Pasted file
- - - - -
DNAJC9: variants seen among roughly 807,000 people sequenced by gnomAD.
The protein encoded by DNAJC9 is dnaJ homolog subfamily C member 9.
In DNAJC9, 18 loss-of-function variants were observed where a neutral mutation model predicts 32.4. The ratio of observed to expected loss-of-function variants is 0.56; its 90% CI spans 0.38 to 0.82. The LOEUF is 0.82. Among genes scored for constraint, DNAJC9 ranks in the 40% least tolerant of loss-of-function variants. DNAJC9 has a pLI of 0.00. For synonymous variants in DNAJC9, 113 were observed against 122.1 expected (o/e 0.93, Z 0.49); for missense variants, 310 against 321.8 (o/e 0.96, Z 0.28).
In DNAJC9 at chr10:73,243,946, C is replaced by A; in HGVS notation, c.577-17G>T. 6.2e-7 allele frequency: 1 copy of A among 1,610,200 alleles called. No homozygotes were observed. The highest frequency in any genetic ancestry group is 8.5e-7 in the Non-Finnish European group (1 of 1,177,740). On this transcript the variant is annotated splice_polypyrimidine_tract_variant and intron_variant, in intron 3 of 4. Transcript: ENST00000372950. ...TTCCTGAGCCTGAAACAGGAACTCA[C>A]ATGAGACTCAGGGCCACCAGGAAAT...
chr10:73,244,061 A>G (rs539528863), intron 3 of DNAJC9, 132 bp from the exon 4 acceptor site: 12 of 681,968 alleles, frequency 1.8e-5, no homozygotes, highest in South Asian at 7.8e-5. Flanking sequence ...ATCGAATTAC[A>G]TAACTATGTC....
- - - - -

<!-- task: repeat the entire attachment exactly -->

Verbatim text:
DNAJC9: variants seen among roughly 807,000 people sequenced by gnomAD.
The protein encoded by DNAJC9 is dnaJ homolog subfamily C member 9.
In DNAJC9, 18 loss-of-function variants were observed where a neutral mutation model predicts 32.4. The ratio of observed to expected loss-of-function variants is 0.56; its 90% CI spans 0.38 to 0.82. The LOEUF is 0.82. Among genes scored for constraint, DNAJC9 ranks in the 40% least tolerant of loss-of-function variants. DNAJC9 has a pLI of 0.00. For synonymous variants in DNAJC9, 113 were observed against 122.1 expected (o/e 0.93, Z 0.49); for missense variants, 310 against 321.8 (o/e 0.96, Z 0.28).
In DNAJC9 at chr10:73,243,946, C is replaced by A; in HGVS notation, c.577-17G>T. 6.2e-7 allele frequency: 1 copy of A among 1,610,200 alleles called. No homozygotes were observed. The highest frequency in any genetic ancestry group is 8.5e-7 in the Non-Finnish European group (1 of 1,177,740). On this transcript the variant is annotated splice_polypyrimidine_tract_variant and intron_variant, in intron 3 of 4. Transcript: ENST00000372950. ...TTCCTGAGCCTGAAACAGGAACTCA[C>A]ATGAGACTCAGGGCCACCAGGAAAT...
chr10:73,244,061 A>G (rs539528863), intron 3 of DNAJC9, 132 bp from the exon 4 acceptor site: 12 of 681,968 alleles, frequency 1.8e-5, no homozygotes, highest in South Asian at 7.8e-5. Flanking sequence ...ATCGAATTAC[A>G]TAACTATGTC....